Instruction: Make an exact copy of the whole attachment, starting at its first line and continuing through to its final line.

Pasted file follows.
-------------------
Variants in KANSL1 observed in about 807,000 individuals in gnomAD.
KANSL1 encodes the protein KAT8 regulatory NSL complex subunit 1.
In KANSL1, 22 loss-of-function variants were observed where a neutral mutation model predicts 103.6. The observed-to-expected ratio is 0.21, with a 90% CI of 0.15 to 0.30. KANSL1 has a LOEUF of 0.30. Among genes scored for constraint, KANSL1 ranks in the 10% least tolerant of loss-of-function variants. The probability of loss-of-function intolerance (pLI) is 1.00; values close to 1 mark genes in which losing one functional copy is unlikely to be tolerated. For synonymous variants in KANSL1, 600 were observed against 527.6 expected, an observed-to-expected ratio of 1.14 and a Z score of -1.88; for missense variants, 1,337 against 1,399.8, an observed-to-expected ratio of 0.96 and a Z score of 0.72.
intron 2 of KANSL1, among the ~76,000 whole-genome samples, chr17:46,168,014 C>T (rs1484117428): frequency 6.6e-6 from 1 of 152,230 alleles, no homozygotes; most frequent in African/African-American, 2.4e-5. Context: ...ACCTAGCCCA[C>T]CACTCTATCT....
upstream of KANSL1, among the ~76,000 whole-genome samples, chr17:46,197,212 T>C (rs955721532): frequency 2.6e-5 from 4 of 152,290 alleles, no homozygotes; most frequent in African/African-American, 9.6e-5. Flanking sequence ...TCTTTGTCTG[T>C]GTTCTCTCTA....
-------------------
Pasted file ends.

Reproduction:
Variants in KANSL1 observed in about 807,000 individuals in gnomAD.
KANSL1 encodes the protein KAT8 regulatory NSL complex subunit 1.
In KANSL1, 22 loss-of-function variants were observed where a neutral mutation model predicts 103.6. The observed-to-expected ratio is 0.21, with a 90% CI of 0.15 to 0.30. KANSL1 has a LOEUF of 0.30. Among genes scored for constraint, KANSL1 ranks in the 10% least tolerant of loss-of-function variants. The probability of loss-of-function intolerance (pLI) is 1.00; values close to 1 mark genes in which losing one functional copy is unlikely to be tolerated. For synonymous variants in KANSL1, 600 were observed against 527.6 expected, an observed-to-expected ratio of 1.14 and a Z score of -1.88; for missense variants, 1,337 against 1,399.8, an observed-to-expected ratio of 0.96 and a Z score of 0.72.
intron 2 of KANSL1, among the ~76,000 whole-genome samples, chr17:46,168,014 C>T (rs1484117428): frequency 6.6e-6 from 1 of 152,230 alleles, no homozygotes; most frequent in African/African-American, 2.4e-5. Context: ...ACCTAGCCCA[C>T]CACTCTATCT....
upstream of KANSL1, among the ~76,000 whole-genome samples, chr17:46,197,212 T>C (rs955721532): frequency 2.6e-5 from 4 of 152,290 alleles, no homozygotes; most frequent in African/African-American, 9.6e-5. Flanking sequence ...TCTTTGTCTG[T>C]GTTCTCTCTA....